1. The assessee, late Arulanandaswami Nadar, who was carrying abkari business at Thanjavur took up certain military contracts at Renigunta in the year 1943. Work of the value of nearly Rs. ten lakhs was to be completed within three months from 28-3-1943. It could not so be completed and it dragged on for eleven months till 25-3-1944. There appear to have been certain alterations in the works to be carried out. There was also a dispute between the assessee and the Military Department with regard to the rates, particularly with reference to those works which were not covered by the contract. These deviations from the original contract were the subject-matter of a reference to an arbitrator, who held that the assessee was entitled to certain compensation. Payments were made from the date of the contract or shortly thereafter up to the year ending 31st March, 1948. The total of such receipts by the assessee came to Rs. 7,65,658. In addition thereto, the Military Department had supplied materials to the value of Rs. 5,96,725. On closing his books as on 5-2-1946 the assessee claimed a net loss of over Rs. 51/2 lakhs, but after adjusting subsequent receipts, a net loss of Rs. 3,27,744 was indicated in the return submitted by him.
The assessee gave several reasons for his loss, particularly instancing excessive deviations from the original contract, which drove the assessee to obtain labour and materials at a much higher cost than originally envisaged, that he was not paid at market rates in respect of the new works, that the assessee had to import coolies from Thanjavur District and other places and had to pay higher wages and incur expenditure for transport and feeding charges, that there was damage caused by adverse weather conditions and that constructions which had been completed but which had suffered damage had to be result at his own cost.
However valid these contentions might be, the Departmental Authorities rejected these claims. During the course of the assessment proceeding, the Income-tax Officer was not satisfied with the accounts produced by the assessee. He found that no separate accounts were maintained in respect of the contract works and that the accounts maintained by the abkari business were also utilised for the purpose of the contract works, though these contracts were at different places. Remittances of moneys from Thanjavur, which were claimed to have been made for the purpose of carrying on the contract work, were not evidenced by Bank drafts of the like, the assessee claiming that large amounts of as much as Rs. two lakhs were being sent by personal messenger, an employee of his, but whose travelling expenses did not find place in the accounts. There was no proper muster roll. The Income-tax Officer was also of the view that the two fair ledgers and fair-day-books, which alone appear to have been maintained could not represent a contemporaneous account of the transactions. These books were accordingly rejected, the more so as no books of original entries were produced.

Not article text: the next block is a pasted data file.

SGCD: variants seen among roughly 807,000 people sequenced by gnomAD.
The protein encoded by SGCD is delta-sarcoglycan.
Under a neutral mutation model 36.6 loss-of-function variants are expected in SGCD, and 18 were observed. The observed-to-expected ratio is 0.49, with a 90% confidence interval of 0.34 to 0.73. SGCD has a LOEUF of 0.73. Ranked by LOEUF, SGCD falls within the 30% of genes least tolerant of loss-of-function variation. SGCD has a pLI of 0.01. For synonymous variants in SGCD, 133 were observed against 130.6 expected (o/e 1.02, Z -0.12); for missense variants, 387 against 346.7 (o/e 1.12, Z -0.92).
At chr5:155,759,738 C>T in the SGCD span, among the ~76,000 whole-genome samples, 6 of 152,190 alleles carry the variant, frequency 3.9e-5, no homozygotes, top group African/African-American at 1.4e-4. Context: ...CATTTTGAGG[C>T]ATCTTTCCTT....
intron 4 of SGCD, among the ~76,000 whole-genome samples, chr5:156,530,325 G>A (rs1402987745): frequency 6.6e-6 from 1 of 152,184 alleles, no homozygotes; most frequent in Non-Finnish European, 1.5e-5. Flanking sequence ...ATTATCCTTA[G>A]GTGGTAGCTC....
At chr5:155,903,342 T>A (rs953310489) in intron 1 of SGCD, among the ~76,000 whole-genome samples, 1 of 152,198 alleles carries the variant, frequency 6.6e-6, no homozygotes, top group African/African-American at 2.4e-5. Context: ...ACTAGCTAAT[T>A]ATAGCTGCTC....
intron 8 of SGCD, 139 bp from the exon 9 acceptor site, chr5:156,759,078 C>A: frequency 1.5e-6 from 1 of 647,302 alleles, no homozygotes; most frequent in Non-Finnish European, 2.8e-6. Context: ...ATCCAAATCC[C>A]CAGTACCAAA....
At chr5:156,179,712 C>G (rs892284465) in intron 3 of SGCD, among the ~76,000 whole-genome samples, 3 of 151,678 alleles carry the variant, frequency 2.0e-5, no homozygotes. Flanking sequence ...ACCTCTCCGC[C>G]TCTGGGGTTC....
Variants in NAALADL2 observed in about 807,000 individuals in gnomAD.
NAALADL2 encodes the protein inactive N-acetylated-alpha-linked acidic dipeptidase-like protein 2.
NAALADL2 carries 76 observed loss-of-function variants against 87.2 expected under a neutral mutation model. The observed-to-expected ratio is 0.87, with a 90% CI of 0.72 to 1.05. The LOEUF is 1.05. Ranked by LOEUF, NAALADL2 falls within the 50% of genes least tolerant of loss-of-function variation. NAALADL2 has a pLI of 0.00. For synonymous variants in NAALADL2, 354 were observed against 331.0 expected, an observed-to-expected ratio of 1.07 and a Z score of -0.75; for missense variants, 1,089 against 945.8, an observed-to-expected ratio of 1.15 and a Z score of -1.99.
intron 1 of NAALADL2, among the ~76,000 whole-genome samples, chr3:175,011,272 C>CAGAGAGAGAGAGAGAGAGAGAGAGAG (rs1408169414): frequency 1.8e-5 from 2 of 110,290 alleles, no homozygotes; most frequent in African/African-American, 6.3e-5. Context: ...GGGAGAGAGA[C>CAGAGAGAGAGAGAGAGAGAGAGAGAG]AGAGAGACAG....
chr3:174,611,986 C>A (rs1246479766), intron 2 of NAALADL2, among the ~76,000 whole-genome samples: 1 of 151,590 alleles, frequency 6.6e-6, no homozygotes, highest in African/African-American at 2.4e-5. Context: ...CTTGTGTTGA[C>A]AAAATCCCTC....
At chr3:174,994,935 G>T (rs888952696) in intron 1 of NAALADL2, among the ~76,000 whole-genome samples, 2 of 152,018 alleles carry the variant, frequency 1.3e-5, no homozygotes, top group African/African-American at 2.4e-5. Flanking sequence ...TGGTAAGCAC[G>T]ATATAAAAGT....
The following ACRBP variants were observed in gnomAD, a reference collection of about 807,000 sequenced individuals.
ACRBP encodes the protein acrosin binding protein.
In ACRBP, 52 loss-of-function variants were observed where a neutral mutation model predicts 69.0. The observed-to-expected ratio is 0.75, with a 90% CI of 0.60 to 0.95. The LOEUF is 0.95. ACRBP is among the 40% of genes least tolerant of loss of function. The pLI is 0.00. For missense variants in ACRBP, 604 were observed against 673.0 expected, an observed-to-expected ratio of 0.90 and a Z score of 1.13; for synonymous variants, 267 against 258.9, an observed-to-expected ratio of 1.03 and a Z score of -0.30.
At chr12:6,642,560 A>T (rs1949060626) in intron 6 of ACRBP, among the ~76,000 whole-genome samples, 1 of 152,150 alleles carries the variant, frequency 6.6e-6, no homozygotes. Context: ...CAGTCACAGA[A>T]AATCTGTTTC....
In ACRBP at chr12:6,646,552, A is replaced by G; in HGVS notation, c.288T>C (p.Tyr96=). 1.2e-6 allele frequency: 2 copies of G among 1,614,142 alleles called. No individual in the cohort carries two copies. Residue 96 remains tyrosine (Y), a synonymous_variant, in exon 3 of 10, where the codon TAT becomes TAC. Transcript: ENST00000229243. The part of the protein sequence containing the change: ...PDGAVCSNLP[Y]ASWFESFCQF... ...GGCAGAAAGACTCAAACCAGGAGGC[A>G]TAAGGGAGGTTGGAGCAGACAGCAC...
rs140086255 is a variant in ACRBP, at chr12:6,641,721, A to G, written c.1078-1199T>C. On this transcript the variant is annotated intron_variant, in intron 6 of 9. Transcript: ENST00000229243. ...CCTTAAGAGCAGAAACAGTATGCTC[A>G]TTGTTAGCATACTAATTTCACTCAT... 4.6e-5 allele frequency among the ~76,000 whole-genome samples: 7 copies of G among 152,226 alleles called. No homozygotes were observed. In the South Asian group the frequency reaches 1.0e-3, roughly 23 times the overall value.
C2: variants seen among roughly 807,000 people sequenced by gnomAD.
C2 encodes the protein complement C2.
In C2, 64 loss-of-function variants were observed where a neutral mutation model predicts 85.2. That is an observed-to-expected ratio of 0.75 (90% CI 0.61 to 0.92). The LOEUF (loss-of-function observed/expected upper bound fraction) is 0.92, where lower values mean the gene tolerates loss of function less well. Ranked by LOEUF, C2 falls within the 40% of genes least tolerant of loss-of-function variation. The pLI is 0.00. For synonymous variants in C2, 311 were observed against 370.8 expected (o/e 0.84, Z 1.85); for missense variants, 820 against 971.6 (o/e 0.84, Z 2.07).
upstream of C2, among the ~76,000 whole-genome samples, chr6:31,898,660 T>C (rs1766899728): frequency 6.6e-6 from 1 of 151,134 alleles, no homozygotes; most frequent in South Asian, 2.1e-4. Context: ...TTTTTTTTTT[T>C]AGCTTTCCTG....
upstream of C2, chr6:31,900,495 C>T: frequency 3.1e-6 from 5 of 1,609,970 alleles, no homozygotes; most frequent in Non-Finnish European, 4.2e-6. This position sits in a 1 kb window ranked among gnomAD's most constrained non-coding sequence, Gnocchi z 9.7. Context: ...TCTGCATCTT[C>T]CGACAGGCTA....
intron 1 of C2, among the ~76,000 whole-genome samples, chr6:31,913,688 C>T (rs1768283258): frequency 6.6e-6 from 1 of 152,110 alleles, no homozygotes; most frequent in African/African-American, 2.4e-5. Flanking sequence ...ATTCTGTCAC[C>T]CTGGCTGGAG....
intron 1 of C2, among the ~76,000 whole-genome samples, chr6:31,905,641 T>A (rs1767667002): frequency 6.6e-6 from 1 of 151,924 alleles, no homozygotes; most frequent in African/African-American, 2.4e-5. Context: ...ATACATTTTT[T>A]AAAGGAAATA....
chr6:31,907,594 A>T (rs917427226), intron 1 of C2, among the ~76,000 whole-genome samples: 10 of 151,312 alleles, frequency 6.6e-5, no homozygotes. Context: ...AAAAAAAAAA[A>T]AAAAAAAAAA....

(2) The Income-tax Officer also reached of expenditure that in respect of various items of expenditure, figures had been unduly inflated. He instanced the case of the assessee manufacturing bricks on his own at a higher cost than what was paid for their purchase in the open market. In the case of messing expenses and transport charges and also in the daily wages paid to the large number of coolies, he reached the conclusion that the figures shown in the accounts were recorded at much higher rates than the expenses that should have been actually incurred.
(3) The further proceeding of the Income-tax Officer resulting in his determination of a profit of Rs. 3,54,401 against the loss of an almost similar amount claimed by the assessee, took a somewhat curious turn. The Income-tax Officer purported to examine the wealth position of the assessee and proceeded to investigate how the assessee could have met this huge loss. The assessee's claim was that his father Yagappa, who died in 1938, had left a large amount of cash to the assessee's mother Gnanambal, a sum as much as Rs. Seven Lakhs. The assessee claimed that he drew upon this amount which was lying idle with his mother and also from other relations and that was how he was able to carry on the work despite the loss that was incurred. The Income-tax Officer purported to examine the provisions of the will left by Yagappa and other material in connection with the properties devised thereunder and declined to believe that there could have been any amount at all in the hands of Gnanambal which could have been utilised for the purpose of the business. Proceeding on this reasoning, he thought that there could have been no loss as claimed by the assessee. Certain credits which appeared in the accounts of the assessee in the names of family relations of the assessee were also disbelieved by the Income-tax Officer.